japonisme: sex with ghosts

05 August 2007

sex with ghosts

A Cautionary Tale of Sex with the Dead

Long ago, on the first night of Obon, a widowed samurai named Ogiwara Shinnojo sat on his porch, watching the day fade into night. To his surprise, a beautiful young woman and her maid, who was carrying a lantern emblazoned with a peony, walked near. The pair paused to speak with Ogiwara, and he found the young woman's name to be Otsuyu. An instant attachment was formed, and Otsuyu promised to return the following night, at the same time.

From that night onward, always at dusk, she would arrive with her maid, carrying the same Peony Lantern. Ogiwara and Otsuyu rapidly progressed in their affair, and she took him for her lover, always leaving before dawn. This relationship continued on as seasons changed, and both were very happy.

A sus- pi- cious neighbor, wondering at Ogiwara's new habit of staying awake all night and sleeping all the day, hid outside his house, peeking through a small hole in the wooden wall in order to observe the old man's nightly shenanigans. Much to his surprise, he discovered the widowed samurai passionately entwined with a skeleton, adorned with only scarce, clinging bits of rotting flesh and cobweb-infested long black hair. Half-mad, the neighbor fled screaming from the scene.

The next day he con- front- ed Ogi- wara, bringing with him a Buddhist priest who warned of the danger facing his soul. One cannot dally with the dead. Ogiwara took this to heart, and vowed to free himself from the spell of Otsuyu. With the priest's help, he surrounded his house with ofuda, strips of paper upon which are written Buddhist sutras, offering protection from the supernatural. That night, Otsuyu and her maid came as always, but they cried at the steps of his porch, unable to enter the house.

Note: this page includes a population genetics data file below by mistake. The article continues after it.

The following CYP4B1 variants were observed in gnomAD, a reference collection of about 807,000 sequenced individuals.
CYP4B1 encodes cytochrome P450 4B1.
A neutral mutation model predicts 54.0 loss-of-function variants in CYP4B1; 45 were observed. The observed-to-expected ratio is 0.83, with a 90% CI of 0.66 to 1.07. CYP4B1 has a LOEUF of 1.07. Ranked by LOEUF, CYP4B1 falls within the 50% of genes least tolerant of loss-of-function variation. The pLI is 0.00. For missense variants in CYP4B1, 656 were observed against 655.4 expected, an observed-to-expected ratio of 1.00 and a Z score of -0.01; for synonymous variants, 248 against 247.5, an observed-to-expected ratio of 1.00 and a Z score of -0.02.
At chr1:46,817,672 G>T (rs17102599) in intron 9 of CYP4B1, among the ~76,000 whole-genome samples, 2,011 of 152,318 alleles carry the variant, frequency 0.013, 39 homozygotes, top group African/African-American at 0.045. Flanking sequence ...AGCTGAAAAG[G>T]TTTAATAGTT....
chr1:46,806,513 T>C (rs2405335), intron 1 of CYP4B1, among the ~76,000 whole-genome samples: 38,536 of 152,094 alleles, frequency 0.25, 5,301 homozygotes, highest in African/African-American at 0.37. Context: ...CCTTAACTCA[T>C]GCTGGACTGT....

Night after night she returned, begging Ogiwara to remove the ofuda so that they may be lovers again. Slowly, the lonely old man's resistance slipped away, and one night he left his house to join his beloved.

The next morning, he was nowhere to be found. His friends looked far and wide, until the neighbor suggested they search the cemetery. At long last, they found the graves of Otsuyu and her maid, emblazoned with the same peony as on her lantern. Opening the crypts, no one was surprised to see the corpse of Ogiwara, still passionately entwined with his skeletal lover.

So they say. 1

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Blogger harlequinpan said...

Ah!How bluesy but beautiful love story of ghost and humanity .

In Taiwan, a wisecracking saying: "death under peony, even ghosts are jolly".Jojojo!also peony!is it a coincidence again?

i love these pictures ,your daily articles and informations increasingly rich and wonderful, i wish i had a better ability to read and can fully explained how enjoyment to read these.

Thank you very much.

06 August, 2007 05:51  
Blogger Robert said...

What a joy blogging can be. Great blog, I shall return if I may.

06 August, 2007 11:28  
Blogger lotusgreen said...

hp--i love your comment! to describe this as bluesy is quite creative in itself. i don't think you give yourself enough credit; you seem to communicate in english beautifully.

and it is always interesting to me to learn these correspondences between china and japan.

thank you

06 August, 2007 14:23  
Blogger lotusgreen said...

robert--so nice to see you again! thanks so much for the kind words; i agree about blogging, each of us building the world in our particular ways.

06 August, 2007 14:24  
Blogger chris miller said...

This sounds so similar to the Liaozhai Zhiyi, or Strange Stories from a Chinese Studio.

The only difference I feel is that if this tale were Chinese, the ghost might not be accompanied by a maid.

06 August, 2007 15:15  
Blogger lotusgreen said...

thanks for your comment, chris. yeah--i wondered about the maid. what was her purpose in the story?

but i'm not surprised that it's related to a chinese tale. harlequinpan related something similar.

any time you have this kind of perspective, background, whatever, i really value it when you post it here.

06 August, 2007 23:40  
Blogger Karla said...

It does sound a bit familiar (maybe something from Lafcadio Hearn?) but in any case a very fine spooky tale. I daresay the old man wasn't too sorry to rejoin his lover, but I think I'll be avoiding sex with the dead myself.

08 August, 2007 22:16  
Blogger lotusgreen said...

sounds like a good rule, karla.

meanwhile, a little further research turned up this and proved conclusively how priviledged i am to have such smart visitors to this blog.

09 August, 2007 02:02  

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